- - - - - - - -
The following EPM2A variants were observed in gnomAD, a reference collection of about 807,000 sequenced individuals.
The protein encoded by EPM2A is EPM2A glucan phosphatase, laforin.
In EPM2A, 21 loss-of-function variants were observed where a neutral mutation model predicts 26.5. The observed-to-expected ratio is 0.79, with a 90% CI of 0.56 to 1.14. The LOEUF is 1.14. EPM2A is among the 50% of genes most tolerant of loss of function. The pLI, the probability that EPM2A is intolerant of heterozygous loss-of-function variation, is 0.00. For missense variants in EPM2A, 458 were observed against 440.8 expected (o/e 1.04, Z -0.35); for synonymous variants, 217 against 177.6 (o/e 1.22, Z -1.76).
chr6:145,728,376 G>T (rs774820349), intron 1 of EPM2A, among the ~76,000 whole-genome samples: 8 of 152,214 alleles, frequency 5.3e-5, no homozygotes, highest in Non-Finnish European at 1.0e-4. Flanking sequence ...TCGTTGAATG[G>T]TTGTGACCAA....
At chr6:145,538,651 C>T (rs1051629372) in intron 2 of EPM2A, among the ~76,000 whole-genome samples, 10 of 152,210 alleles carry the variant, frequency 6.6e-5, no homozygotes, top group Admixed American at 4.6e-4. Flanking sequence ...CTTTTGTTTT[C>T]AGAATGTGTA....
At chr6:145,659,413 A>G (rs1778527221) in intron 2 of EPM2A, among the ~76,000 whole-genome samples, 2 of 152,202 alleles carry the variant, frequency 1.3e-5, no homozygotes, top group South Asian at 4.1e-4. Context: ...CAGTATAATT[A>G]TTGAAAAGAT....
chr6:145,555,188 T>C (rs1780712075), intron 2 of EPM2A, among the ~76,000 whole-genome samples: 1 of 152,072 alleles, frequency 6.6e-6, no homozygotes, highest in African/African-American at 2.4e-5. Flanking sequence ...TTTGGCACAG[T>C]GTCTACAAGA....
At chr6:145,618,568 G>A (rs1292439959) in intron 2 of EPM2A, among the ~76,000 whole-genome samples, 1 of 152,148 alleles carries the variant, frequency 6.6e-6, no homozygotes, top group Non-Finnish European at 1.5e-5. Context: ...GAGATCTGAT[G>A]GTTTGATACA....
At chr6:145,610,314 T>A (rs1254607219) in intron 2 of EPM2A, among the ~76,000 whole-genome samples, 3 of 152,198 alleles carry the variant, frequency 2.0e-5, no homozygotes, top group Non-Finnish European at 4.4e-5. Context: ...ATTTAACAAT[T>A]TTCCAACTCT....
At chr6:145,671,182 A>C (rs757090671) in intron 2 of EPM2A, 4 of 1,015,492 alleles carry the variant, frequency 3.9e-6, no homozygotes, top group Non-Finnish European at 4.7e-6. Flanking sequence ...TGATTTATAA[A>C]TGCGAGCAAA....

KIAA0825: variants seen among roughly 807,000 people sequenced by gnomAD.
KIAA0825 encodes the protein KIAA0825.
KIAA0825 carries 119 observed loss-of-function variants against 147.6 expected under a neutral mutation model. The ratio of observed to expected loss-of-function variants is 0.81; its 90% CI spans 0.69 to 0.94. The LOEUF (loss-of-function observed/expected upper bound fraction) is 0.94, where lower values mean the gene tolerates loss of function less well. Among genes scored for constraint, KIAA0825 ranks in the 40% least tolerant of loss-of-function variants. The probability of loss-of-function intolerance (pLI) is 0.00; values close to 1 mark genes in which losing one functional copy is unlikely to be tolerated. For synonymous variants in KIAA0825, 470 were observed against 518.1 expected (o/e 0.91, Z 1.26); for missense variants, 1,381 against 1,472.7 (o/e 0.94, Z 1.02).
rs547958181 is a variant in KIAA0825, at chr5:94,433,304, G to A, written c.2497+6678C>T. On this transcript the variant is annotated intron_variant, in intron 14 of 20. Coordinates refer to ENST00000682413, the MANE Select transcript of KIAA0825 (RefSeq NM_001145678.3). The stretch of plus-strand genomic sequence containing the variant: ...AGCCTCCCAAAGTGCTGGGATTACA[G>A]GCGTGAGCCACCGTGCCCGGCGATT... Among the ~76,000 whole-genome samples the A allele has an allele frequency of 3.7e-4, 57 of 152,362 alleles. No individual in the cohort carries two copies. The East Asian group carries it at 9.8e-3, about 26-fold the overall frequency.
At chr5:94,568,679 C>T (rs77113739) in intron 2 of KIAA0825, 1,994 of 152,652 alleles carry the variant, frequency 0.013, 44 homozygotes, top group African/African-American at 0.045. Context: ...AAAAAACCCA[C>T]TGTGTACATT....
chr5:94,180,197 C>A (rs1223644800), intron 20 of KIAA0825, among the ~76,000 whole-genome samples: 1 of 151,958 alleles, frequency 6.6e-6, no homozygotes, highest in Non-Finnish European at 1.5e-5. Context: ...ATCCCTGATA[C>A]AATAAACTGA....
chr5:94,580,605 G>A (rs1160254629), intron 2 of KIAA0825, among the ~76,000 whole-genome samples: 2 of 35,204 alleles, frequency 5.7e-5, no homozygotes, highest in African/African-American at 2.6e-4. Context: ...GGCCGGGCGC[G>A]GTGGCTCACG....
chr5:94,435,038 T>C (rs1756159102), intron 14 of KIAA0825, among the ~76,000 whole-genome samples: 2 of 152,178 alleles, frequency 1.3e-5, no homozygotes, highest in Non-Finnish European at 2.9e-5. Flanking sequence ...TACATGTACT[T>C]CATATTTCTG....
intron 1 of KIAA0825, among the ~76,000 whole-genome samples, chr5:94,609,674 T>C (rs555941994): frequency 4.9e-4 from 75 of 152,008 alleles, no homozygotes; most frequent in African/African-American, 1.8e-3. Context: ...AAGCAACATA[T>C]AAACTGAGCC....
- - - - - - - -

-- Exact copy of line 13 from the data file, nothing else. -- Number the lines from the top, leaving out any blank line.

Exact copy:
KIAA0825 carries 119 observed loss-of-function variants against 147.6 expected under a neutral mutation model. The ratio of observed to expected loss-of-function variants is 0.81; its 90% CI spans 0.69 to 0.94. The LOEUF (loss-of-function observed/expected upper bound fraction) is 0.94, where lower values mean the gene tolerates loss of function less well. Among genes scored for constraint, KIAA0825 ranks in the 40% least tolerant of loss-of-function variants. The probability of loss-of-function intolerance (pLI) is 0.00; values close to 1 mark genes in which losing one functional copy is unlikely to be tolerated. For synonymous variants in KIAA0825, 470 were observed against 518.1 expected (o/e 0.91, Z 1.26); for missense variants, 1,381 against 1,472.7 (o/e 0.94, Z 1.02).